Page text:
• Learn How to Build a Powerful Personal Brand That Will Differentiate You and Allow You To Compete in the Global Marketplace.
  • 5 Tips for Branding Yourself When Commenting on Blogs

    I get bothered from time to time, when I witness blog comments in my queue that are too self-promotional, from robots or simply don’t have anything to the conversation. Thankfully, I don’t receive much spam anymore, but instead I receive more comments that are meaningless and are certainly not branded properly.

    3 reasons why bad comments will hurt your reputation

    • 1) Every single comment you make is stored in Google and is part of your permanent record online.
    • 2) People won’t click on the link to your blog if you don’t give them a good reason to (add to the discussion).
    • 3) You will be viewed as either a spammer or a troll, both of which are highly looked down upon in the blogosphere. You can’t take comments back!

    The anatomy of a bad comment

    5 tips for branding yourself when commenting on blogs

    1. Use your avatar: Whenever I present to an audience, I always mention that you have 3 very important assets online: your name, your picture and your personal brand statement. This is how people will remember you and hopefully translate that association to a certain topic that you want to own in peoples minds (positioning). Whenever I see a comment without a picture, I see a missed opportunity. If you want to have a universal comment avatar, then go to Gravatar.com and upload one. It’s really that simple. Think of it as open-picture ID for your global branding presence on blogs.

    2. Insert your full name: I don’t understand what the big deal is with using your full name. What if there are two Mike or Rachel comments on the same blog post? They would probably have to rely on their URL to differentiate them, which is dumb. If you want to stand out, especially if you have a unique last name, then use your full name.

    3. Add value to the conversation: Don’t even try and take advantage off a post by saying “great post” and then linking to your site. You will get enemy’s if you do it and be discounted as a troll. The real way to succeed when commenting is to read the blog entry (yes, some people comment without reading) and then share your opinion on the subject.

    4. No extra links: You only get one chance to use a link to your website and it’s not within the comment itself. When you go to fill out a comment form, there is a spot for your URL and when the comment is posted, your name will link directly to that URL. That’s how it works everyone, so don’t try and game the system to get more people visiting your site because it won’t happen.

    5. Use Gmail or your domain name for email: A lot of you may disagree with this one, but Hotmail and Yahoo email addresses are dated. You really need to get Gmail or at least use yourname@yourdomainname.com. Gmail allows you to talk directly with other people and your domain name is more professional.


    Dan Schawbel is the Managing Partner of Millennial Branding, a Gen Y research and consulting firm. He is the New York Times and Wall Street Journal bestselling author of Promote Yourself: The New Rules For Career Success (St. Martin’s Press) and the #1 international bestselling book, Me 2.0: 4 Steps to Building Your Future (Kaplan Publishing), which combined have been translated into 15 languages.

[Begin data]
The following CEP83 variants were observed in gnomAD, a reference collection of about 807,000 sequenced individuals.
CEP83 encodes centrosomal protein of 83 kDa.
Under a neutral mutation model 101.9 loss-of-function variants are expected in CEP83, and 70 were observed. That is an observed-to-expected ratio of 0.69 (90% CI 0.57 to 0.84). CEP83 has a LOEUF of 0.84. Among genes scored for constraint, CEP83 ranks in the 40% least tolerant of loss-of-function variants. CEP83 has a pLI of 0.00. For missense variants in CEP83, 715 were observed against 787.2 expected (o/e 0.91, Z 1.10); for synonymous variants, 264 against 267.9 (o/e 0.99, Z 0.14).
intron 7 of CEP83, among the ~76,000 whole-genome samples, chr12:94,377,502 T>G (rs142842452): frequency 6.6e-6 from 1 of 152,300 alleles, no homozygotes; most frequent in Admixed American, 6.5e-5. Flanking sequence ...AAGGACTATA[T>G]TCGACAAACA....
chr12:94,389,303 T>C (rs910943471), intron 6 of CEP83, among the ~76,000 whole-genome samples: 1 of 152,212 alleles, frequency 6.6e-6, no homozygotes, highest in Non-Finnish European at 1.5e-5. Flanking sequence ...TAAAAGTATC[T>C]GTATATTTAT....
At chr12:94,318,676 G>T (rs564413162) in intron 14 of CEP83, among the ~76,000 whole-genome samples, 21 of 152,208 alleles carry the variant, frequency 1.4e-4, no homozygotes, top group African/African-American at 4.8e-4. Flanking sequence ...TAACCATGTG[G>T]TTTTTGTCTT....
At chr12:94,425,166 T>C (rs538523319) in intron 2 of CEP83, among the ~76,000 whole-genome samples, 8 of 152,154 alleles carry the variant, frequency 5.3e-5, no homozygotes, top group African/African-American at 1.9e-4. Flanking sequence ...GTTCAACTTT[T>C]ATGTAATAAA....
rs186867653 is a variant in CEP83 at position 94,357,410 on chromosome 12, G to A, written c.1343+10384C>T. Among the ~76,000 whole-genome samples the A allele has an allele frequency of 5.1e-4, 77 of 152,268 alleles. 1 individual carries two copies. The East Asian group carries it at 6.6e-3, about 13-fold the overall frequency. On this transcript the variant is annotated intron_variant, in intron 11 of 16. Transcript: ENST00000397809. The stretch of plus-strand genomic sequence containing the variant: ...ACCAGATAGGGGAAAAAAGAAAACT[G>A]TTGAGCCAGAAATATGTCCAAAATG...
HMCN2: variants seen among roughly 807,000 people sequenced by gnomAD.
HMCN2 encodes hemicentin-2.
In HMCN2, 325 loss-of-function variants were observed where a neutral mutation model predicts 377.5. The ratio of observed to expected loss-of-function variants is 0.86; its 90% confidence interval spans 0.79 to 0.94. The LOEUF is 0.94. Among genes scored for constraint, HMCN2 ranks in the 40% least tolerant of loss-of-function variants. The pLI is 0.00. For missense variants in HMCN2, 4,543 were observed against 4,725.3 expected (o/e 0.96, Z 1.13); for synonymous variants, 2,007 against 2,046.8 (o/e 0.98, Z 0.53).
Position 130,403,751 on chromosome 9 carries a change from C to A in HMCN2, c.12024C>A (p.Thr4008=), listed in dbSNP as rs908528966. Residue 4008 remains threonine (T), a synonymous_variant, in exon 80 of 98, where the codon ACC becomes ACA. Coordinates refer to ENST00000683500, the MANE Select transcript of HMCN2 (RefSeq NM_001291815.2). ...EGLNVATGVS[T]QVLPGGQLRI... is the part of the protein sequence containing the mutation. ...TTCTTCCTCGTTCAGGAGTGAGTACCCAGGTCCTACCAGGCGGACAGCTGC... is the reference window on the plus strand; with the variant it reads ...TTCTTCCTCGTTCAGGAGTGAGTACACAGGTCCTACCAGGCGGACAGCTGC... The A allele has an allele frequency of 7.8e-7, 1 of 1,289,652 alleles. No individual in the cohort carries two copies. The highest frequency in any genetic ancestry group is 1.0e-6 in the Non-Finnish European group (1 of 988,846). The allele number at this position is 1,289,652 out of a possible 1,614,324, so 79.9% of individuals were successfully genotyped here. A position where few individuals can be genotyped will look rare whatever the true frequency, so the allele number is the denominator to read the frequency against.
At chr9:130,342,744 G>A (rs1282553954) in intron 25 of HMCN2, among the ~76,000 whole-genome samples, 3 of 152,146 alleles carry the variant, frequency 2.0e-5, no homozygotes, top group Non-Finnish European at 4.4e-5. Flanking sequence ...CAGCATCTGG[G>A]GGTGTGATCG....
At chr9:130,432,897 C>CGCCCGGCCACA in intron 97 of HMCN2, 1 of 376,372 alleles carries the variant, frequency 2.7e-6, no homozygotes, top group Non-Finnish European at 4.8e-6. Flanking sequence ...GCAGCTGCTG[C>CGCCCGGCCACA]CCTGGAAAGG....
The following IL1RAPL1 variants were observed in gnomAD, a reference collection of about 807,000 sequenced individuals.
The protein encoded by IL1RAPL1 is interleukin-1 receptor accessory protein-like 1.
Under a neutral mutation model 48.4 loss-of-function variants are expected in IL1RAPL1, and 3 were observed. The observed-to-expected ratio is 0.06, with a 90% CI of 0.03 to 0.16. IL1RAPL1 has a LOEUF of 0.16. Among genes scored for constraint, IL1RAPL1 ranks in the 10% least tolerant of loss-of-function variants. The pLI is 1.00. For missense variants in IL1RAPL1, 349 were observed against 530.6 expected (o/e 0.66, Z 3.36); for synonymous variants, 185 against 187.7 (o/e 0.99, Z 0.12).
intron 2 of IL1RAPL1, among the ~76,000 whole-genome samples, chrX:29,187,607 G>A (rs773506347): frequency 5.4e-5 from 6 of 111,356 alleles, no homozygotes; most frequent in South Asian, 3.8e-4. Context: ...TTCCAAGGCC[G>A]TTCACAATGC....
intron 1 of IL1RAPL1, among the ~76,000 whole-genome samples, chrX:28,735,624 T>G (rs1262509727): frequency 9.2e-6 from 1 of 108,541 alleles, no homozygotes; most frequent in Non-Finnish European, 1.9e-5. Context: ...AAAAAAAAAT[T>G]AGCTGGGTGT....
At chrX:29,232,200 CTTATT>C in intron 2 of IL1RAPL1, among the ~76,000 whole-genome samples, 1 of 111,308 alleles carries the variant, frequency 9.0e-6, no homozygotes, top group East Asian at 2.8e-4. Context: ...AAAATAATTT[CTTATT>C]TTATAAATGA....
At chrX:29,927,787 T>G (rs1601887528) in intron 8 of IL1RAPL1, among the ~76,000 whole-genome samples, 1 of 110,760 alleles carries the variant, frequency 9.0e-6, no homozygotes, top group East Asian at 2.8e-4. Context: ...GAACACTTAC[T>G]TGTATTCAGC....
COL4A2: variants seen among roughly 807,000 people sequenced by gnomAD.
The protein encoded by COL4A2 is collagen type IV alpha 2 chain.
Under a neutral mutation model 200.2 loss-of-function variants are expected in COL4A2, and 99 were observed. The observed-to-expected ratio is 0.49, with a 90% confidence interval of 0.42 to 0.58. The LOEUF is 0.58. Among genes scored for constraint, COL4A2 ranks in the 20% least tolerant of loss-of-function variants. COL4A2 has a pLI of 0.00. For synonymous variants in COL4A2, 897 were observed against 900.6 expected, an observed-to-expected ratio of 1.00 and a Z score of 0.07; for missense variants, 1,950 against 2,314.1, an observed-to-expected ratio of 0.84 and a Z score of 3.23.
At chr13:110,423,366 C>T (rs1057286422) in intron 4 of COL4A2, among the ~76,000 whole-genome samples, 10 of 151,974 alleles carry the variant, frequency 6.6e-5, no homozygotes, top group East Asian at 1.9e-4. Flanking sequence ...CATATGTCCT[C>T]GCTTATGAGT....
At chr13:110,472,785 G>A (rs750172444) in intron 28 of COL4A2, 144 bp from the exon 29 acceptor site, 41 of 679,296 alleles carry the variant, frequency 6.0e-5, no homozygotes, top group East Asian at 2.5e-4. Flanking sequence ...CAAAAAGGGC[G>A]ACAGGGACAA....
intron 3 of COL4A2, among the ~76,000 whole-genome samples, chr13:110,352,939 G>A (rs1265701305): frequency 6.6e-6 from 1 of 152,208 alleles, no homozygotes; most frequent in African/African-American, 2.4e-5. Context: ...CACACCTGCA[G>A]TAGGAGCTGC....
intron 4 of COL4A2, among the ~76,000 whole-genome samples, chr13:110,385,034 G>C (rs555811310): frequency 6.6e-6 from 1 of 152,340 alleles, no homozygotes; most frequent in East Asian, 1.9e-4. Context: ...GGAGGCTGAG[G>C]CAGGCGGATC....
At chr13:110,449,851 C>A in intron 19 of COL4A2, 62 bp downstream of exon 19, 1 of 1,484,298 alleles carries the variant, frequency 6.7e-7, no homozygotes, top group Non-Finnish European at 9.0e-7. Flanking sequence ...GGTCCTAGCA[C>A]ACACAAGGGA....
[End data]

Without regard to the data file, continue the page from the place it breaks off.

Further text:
Tagged with:
    Posted in eBrand, Personal Branding, Social Media, Success Strategies
    Promote Yourself Newsletter
    Sign Up & Download For Free:
    10 Personal Branding Secrets You've Never Heard Before
    18 comments on “5 Tips for Branding Yourself When Commenting on Blogs
    1. avatar
      tante says:

      While adding to the discussion is always the best way to make yourself noticed, I have to say that your “use gmail” “hint” is quite bad:
      Whether you use gmail, yahoo or hotmail doesn’t matter (yeah I get that gmail is what the “cool kids” are doing but being another follower of the hype does not make you stand out).
      There are many people who have used one address for many years now, way before gmail existed, why should they give up their identity? Sometimes looking for some @yahoo address will show you newsgroup posts that person made 10 years ago so “just getting gmail or your own domain address” is actually really bad advice.

    2. avatar
      Dan Schawbel says:

      @Tante – I was waiting for that type of comment. Yahoo! and Hotmail are very outdated and will make you look like you “don’t get it.” Sure, people already know of your address, but you can always mail them your new one. I think you’ll be at a disadvantage if you stick with the legacy email services.

    3. avatar
      Derek Dysart says:

      I dunno if I buy it the GMail argument either. It’s time is numbered. One day it will be as outdated as Hotmail. If your Hotmail or Yahoo address is concise, IOW isn’t just random numbers and letters, then I think it is just as legit as a GMail account.

      Truth be told, I think there is probably no excuse for not having your own domain. Domain registration is less that $10/yr and Google Apps for Domains is free. It can be daunting to setup since there are some technical hurdles to jump, but Google has documented the process quite well.

    4. avatar
      tante says:

      Yahoo’s Webmail nowadays is actually quite good (better than the state the company is in ;)). I mean, I get the gmail-hype and all, but what will happen? People convert their email to gmail. Then the next big thing comes along, convert again.

      I just think that telling people that the provider of their email address matters is not good advice. I personally would never have any of my email on a server I don’t have full control over for example, and I consider all those “hosted” solutions to be sub-par. But I wouldn’t judge people based on that.